I had an idea how to start the project. I grabbed my Arduino Uno, 7 LEDs, and my breadboard. 7 lights, 7 pins, and away I went. After a giggle of joy over seeing it work, I stared at it wondering how I was going to make a box that looked reasonable to fit the Uno as a die.
That idea was quickly nixed. In my readings and forum lurkings I had heard of the different chips in the ATmel family of microprocessors. With a little digging I soon found the ATtiny85 which seemed like it would fit the bill I was looking for. Small footprint, just a few pins, and it works with my Arduino Uno knowledge. Dang, I have 7 LEDs with 7 pins and this little guy sure doesn’t have enough, or does it.
While awaiting my ATtiny order, I used the time to research a little more about this new turn I took (with little foreknowledge it should work). I also waded through the data sheets for the ATTiny family to find out more of their capabilities. You can find the information here. There is a method to control more than 1 LED pre pin. The method is known as Charliplexing. Here is an example to get you going.
With a little more knowledge in hand it is time to draw out how one might control the LEDs. Knowing how a die is made with the numbering scheme as dots we need a total of 7 to replicate what an actual one looks like and how they will light up in turn.
Now that I had my little 85’s in hand I took to the breadboard to see what I could come up with. It took a couple of tries to a) double and triple check my wiring (make sure ground is going to ground!) b) at the same time learning how to program the ATTiny.
So, here is where there is a branch (one I kinda of started already). I am going to take a quick detour on the ATtiny85. I know that the ATT85 is part of the Atmel family of microprocessors. The ATT85 has fewer pins, less memory, less power, and slower. None of these are an issue for this project and in all ways a big plus as I want this project to be small in size. There are breakout boards and programming boards one can use to program the ATtiny85 such as the Digispark, and there is the use what you have it works pretty darn well method too. I went with the later of them. Here is one of the sites I researched when planning on how to get my code on the ATTiny85.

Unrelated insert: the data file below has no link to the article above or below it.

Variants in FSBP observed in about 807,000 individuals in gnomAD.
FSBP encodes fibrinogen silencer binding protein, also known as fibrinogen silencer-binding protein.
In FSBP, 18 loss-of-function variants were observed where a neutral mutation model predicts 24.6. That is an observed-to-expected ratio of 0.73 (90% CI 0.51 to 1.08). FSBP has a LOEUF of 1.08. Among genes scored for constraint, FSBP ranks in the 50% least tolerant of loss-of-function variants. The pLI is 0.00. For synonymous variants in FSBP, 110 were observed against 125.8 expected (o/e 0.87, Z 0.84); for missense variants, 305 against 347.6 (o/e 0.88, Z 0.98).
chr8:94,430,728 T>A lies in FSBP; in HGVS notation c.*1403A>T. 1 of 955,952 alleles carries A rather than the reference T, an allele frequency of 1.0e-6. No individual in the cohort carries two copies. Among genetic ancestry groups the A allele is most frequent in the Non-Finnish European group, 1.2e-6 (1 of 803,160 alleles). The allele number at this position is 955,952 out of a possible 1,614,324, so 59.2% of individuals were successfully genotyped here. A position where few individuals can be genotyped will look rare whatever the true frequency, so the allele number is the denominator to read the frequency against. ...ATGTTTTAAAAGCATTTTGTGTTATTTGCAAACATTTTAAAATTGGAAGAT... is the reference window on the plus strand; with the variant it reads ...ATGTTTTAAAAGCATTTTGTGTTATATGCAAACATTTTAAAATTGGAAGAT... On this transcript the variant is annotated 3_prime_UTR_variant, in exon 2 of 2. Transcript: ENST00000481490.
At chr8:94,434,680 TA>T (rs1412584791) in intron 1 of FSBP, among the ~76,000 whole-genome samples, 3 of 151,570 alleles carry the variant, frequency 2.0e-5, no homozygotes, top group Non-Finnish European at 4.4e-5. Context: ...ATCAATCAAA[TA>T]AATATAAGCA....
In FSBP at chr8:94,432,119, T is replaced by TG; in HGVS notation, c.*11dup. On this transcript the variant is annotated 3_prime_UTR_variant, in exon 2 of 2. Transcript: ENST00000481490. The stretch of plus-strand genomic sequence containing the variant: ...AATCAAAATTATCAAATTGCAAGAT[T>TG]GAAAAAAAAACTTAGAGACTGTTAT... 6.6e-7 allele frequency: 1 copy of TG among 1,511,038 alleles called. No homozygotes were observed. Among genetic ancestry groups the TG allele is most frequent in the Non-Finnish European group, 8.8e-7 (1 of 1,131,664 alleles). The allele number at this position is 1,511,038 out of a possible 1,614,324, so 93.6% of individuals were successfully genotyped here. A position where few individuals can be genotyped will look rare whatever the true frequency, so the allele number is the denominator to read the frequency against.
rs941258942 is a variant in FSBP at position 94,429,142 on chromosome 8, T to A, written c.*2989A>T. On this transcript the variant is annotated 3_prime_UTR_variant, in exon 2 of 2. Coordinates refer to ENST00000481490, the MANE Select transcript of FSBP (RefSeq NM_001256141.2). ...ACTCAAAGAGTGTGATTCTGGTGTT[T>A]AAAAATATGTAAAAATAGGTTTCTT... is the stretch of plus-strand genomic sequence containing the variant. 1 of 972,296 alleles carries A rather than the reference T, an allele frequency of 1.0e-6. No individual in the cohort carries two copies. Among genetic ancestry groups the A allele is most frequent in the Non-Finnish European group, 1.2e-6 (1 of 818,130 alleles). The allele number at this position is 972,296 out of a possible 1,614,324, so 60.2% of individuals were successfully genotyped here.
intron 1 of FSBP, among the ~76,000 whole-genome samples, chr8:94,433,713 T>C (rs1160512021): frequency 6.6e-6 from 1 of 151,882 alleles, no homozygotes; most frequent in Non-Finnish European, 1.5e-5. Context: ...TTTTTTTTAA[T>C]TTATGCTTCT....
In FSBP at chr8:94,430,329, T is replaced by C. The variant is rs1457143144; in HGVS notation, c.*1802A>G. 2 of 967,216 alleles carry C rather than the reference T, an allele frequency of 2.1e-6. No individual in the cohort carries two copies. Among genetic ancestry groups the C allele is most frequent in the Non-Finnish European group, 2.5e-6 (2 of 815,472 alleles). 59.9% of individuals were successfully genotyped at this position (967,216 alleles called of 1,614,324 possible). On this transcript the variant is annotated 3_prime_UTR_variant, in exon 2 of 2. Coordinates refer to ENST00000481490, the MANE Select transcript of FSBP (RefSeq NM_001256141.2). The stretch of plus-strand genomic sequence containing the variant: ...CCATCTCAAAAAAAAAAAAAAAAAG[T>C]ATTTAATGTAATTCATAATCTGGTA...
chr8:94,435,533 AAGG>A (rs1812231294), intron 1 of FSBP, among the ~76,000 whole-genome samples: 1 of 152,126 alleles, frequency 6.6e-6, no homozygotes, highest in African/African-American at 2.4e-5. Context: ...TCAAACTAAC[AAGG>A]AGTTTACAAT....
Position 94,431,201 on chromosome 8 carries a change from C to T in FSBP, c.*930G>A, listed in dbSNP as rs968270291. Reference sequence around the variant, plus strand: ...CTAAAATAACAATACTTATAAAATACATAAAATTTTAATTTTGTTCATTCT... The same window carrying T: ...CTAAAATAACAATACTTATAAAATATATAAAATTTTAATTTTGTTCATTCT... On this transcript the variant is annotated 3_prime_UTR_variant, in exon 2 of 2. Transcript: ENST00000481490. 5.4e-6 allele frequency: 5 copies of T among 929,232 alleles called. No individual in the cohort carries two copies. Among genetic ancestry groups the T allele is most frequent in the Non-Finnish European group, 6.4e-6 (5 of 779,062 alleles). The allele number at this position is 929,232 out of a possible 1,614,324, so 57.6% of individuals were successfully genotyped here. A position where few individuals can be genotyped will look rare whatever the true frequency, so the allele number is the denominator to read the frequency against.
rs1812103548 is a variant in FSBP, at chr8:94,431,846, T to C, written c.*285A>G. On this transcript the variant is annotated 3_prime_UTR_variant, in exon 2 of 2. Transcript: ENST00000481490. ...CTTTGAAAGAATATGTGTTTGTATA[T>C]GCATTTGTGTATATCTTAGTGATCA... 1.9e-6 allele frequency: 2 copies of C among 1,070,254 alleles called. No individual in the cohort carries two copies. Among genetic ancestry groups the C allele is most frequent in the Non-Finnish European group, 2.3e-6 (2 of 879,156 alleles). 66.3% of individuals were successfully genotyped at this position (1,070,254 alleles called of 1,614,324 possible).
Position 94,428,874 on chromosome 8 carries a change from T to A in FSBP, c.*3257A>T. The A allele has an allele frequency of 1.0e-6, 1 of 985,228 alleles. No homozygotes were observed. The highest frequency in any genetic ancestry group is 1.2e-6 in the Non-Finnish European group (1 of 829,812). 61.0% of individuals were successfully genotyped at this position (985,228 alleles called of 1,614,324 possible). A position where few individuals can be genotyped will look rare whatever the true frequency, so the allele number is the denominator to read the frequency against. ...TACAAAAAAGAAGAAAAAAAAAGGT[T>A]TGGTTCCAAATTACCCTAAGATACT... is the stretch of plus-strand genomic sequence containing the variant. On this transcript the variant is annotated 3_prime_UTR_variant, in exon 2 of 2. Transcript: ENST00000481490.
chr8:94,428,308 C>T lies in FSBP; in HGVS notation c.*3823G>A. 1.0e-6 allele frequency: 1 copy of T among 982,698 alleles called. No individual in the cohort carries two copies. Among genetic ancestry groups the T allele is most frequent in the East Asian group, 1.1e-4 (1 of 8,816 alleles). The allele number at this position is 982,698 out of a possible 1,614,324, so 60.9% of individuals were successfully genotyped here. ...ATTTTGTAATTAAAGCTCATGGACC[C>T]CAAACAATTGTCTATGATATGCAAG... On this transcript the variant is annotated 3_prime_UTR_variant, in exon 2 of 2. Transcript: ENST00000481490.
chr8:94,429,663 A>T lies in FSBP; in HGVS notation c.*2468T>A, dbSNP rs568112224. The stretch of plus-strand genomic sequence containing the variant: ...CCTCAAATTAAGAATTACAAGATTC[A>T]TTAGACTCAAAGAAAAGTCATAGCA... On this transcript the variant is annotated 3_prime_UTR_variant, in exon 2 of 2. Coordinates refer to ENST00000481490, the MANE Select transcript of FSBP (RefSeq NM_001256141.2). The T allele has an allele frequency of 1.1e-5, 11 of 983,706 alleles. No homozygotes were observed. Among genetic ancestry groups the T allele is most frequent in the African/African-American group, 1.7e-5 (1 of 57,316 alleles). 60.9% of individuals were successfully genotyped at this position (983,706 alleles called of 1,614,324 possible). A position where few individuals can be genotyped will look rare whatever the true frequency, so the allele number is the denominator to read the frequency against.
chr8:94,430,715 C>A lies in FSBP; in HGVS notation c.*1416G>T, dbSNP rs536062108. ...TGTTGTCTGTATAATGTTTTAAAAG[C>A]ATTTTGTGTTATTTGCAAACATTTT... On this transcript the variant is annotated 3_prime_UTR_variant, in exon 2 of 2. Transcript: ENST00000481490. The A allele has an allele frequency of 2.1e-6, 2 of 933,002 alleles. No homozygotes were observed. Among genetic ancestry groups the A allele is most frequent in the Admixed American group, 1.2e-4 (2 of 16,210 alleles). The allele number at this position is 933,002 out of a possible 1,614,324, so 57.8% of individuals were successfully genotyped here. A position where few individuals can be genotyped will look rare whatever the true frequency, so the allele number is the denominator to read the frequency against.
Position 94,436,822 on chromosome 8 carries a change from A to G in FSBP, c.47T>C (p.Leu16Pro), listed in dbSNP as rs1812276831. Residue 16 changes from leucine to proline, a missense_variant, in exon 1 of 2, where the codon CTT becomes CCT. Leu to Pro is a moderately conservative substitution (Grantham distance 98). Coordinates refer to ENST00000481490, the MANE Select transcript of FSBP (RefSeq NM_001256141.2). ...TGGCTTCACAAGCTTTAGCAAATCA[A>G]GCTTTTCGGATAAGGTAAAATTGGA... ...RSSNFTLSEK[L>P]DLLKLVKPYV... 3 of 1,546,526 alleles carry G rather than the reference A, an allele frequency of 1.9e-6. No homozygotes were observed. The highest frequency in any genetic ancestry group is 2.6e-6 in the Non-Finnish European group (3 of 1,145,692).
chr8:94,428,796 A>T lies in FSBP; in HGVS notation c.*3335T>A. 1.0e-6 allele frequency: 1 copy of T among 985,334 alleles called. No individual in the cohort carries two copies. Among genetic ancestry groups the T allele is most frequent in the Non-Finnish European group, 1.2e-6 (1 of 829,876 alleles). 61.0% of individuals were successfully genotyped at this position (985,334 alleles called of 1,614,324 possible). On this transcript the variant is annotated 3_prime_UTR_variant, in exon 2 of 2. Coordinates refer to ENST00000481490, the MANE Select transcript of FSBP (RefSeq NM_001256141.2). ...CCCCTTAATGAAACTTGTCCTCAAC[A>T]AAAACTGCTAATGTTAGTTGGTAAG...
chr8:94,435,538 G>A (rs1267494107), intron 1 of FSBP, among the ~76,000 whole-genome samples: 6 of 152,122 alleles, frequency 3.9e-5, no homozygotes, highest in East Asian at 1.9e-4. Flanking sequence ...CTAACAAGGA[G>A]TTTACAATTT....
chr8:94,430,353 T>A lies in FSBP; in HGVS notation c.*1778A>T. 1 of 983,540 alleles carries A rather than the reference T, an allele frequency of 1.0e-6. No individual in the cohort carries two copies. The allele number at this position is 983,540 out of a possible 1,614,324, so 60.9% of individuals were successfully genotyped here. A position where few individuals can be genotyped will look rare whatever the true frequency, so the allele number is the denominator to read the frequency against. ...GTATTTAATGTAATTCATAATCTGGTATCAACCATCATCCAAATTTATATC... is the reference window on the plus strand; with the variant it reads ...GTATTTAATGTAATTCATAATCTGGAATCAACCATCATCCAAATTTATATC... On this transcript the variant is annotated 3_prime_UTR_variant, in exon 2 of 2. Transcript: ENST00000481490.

With the Uno it is as straight forward as connecting it to my Mac with a USB cable and upload the sketch. With the ATtiny85, I used the Uno as the ISP
The wiring is pretty straight forward, just follow the diagram. If it is your fist time trying this out, the blinking LED exercise if a good one; if for nothing else getting you used to setting up and uploading code to it.
On the right hand side of my breadboard you can see the ATTiny85, wire up and running the die code. In this version I am using a button switch instead of the motion switch.
It works. I have my ATtiny85 programmed with my die code, wired up to the LEDs, and it is working! I have that giddy feeling all over again, but than the sigh. Even if I get a small breadboard it still won’t look quite right. I guess it is time for another plunge and learning experience. That is a good deal of why I started tinkering in this digital world.
I knew what was next, I had to solder it all on some protoboard. You know those green or tan sheets with holes (well some have holes predrilled) that you can solder little parts onto. I made out my list of parts and pulled them all before I began. This hasn’t been your weekend type project. Between family, work, and other of life’s bits it has taken me a few weeks by now. And those boats from China really are slow!).
BOM (Bill of Materials)
1 ATTiny85 (read a little lower for more on this choice)
7 LED, 5mm
1 Motion switch
1 Various 24AWG solid core or stranded wire
This is my first try at a full-on, solder it up type project. I didn’t think I would get it right on the first try, but Oye Vey! It almost worked, but my voltage readings were waaaaaay low by time I measure at the LED pins. Oh well, I will not be deterred and try again.